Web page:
The lessons you teach your child about expressing anger and frustration may seem to have little impact during the first few years. Your child may still have angry aggressive outbursts and uncontrollable tantrums, at least occasionally. However, with consistency over time, these episodes will occur less frequently as a result of your teachings. Learning how to handle anger without becoming destructive or hurtful is an invaluable lesson for anyone, child or adult.

Be a Role Model

Being a role model not only involves controlling your own emotions, but also teaching your children how to express their emotions appropriately. Be the kind of person that you would like your child to grow up to be.

Reward Good Behavior

Praise even the smallest attempt at proper behavior, while paying very little attention to negative conduct. Praise can be a very strong motivator. Children need to know their parents are proud of them. The key is to inform your child of what is expected, to reward them quickly after they comply and to always withhold any and all rewards if they are not following directions.

Teach Empathy

Young children do not understand how their actions impact others. There is little thought behind most aggression. Instead it is impulse. We must teach them how their actions impact others by prompting them to think about it, “If your sister bit you how do you think you would feel?”

Watch What They’re Watching

Limit your child’s exposure to the violence in the media. Children, who see aggressive or violent behavior on TV, tend to be more aggressive when they play. Encourage books, music, games and shows that promote kindness and non-aggressive problem solving skills.

Know the Triggers

Knowing that your child becomes easily upset under certain circumstances allows you to avoid or work around these situations or at least be prepared for them.

Avoid Physical Punishment

Do not use spanking, flicking, grabbing or any other physical forms of punishment. If you expect your children to act responsibly and calmly, be sure to do so yourself.

Increase Emotional Awareness

Discuss feelings when processing after a time-out (e.g. “Were you mad when your sister took your train without asking you?”) Use feelings vocabulary in your daily language as a way of modeling for your child. Many children are aggressive because they do not have the words to express themselves.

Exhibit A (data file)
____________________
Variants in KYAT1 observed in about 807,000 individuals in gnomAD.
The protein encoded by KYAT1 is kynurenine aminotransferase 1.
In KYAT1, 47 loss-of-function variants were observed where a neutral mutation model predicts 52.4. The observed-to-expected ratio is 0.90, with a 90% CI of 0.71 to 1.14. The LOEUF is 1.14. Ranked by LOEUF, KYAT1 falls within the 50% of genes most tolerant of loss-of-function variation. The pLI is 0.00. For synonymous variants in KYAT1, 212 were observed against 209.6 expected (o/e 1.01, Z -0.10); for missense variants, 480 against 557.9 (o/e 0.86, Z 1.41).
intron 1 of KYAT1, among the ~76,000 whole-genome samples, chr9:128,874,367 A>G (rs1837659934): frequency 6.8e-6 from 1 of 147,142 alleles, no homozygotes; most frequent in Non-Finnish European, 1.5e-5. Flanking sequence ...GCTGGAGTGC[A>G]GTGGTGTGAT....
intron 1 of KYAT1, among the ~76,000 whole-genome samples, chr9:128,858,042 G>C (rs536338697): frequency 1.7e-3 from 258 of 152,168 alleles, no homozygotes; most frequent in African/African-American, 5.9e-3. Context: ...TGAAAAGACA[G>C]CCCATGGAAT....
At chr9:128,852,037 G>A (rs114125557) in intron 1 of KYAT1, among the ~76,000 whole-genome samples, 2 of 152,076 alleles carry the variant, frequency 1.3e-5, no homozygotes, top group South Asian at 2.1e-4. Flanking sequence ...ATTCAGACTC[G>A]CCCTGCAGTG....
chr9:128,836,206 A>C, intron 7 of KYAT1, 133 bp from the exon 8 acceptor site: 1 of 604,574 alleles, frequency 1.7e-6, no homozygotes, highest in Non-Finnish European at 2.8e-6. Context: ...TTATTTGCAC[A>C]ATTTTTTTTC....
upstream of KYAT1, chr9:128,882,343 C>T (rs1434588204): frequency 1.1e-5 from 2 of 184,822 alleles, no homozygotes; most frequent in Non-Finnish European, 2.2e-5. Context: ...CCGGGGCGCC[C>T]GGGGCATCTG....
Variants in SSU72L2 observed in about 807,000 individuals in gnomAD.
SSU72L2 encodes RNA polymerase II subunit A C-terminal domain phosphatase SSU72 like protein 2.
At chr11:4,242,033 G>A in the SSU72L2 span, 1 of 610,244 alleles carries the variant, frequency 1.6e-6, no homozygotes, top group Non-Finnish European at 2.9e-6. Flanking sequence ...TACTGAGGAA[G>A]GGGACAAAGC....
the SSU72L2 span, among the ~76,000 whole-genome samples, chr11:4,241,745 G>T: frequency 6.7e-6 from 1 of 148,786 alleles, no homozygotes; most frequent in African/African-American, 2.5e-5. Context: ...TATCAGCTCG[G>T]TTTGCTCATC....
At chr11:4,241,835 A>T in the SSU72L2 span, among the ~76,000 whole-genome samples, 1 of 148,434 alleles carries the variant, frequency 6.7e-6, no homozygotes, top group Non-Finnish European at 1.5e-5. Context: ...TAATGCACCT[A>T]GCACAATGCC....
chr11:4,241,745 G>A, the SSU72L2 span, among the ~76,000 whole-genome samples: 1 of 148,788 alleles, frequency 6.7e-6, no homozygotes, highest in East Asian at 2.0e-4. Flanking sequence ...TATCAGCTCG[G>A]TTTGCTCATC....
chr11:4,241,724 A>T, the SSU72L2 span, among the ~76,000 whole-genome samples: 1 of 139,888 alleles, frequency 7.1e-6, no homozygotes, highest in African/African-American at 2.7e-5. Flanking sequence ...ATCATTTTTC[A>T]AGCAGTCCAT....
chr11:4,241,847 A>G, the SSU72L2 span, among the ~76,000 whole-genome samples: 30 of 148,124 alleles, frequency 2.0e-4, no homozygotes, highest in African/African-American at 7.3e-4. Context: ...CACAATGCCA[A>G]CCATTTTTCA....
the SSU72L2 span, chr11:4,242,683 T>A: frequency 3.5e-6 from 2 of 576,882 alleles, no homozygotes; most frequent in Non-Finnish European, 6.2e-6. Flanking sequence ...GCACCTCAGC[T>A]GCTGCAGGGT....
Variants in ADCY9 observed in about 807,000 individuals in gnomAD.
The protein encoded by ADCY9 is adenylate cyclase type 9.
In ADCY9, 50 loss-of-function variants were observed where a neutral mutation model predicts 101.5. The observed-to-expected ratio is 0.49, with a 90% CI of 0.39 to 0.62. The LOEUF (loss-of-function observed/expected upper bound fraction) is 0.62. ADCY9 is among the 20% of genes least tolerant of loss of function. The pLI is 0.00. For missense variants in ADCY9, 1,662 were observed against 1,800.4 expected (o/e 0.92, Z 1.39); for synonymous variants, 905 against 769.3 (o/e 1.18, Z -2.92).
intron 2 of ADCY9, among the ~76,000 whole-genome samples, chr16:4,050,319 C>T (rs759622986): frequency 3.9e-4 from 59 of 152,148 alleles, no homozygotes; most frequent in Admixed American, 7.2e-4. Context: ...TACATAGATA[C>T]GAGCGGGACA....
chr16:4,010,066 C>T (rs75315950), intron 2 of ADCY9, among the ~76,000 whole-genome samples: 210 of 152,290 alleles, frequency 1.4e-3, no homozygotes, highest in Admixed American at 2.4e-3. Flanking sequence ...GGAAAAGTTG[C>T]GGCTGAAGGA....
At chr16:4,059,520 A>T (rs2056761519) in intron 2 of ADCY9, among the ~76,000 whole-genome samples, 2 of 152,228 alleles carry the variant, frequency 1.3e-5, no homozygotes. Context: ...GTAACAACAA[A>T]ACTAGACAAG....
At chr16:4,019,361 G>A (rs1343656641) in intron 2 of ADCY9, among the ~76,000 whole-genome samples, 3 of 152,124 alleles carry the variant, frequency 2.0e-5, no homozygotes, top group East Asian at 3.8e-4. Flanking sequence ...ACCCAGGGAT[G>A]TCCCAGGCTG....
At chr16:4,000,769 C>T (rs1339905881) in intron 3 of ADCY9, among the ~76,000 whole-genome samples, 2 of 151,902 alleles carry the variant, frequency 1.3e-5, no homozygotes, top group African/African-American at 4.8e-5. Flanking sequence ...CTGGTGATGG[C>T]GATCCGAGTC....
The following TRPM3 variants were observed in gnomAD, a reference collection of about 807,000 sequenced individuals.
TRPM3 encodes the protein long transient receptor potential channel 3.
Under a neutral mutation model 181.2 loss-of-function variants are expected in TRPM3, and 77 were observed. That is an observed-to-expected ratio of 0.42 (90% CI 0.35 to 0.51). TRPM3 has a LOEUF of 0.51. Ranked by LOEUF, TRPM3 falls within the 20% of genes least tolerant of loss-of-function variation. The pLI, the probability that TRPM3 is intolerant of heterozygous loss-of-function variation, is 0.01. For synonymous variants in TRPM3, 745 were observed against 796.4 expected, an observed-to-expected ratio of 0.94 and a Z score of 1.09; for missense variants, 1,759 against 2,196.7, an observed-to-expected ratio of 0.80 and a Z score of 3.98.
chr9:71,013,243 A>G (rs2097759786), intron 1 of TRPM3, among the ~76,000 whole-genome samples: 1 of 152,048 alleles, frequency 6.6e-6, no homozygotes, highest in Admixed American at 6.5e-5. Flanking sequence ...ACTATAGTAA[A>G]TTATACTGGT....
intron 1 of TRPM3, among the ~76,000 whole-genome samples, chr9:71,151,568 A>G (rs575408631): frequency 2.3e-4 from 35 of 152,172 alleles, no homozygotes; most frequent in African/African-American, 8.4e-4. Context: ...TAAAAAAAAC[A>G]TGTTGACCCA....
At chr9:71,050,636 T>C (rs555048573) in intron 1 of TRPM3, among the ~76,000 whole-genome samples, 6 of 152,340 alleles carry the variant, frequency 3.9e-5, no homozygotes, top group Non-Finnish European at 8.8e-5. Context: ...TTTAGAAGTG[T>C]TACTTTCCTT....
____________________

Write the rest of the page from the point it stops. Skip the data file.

Acknowledge Feeling Behind Aggressive Behavior

Accept and acknowledge your child’s angry feelings and direct her towards an appropriate outlet for expressing the intense emotion. When feelings are accepted, your child will feel more understood, less in need of trying to convince you of their standpoint and therefore calmer. The more you can encourage your child to express difficult feelings, the less emotions will build up and overflow into angry explosions.

CLEAR & CONSISTENT CONSEQUENCES

All aggressive displays will result in a time-out and may also result in an additional consequence. Get down to your child’s level and, using a calm, low but firm tone which indicates displeasure, clearly tell him what he has done wrong and bring him straight to the time-out area. For a child who is frequently aggressive, additional consequences may be necessary.

Stay Calm 

It is much easier for your child to relax if you are also calm. The more aggravated your child sees you become the more power she has gained over you and the more likely she will be to repeat the behavior.

Practice Appropriate Anger Options

Role-play a situation that would normally result in aggression and ask him to come up with ways to meet his needs without violence. Practice things from the anger options list. Only do this when he is calm. Just as you wouldn’t try to teach a drowning person to swim, tantrums are NOT a good time to learn this new skill.

By Jodi Maspaitella. Jodi Maspaitella is a parent coach and will come to your bay-area home providing education on ways to handle the challenges most parents face.  For more information about Jodi’s Home Education 4 Logical Parenting services call (707) 557-1423 or visit her website at www.familieshelp.net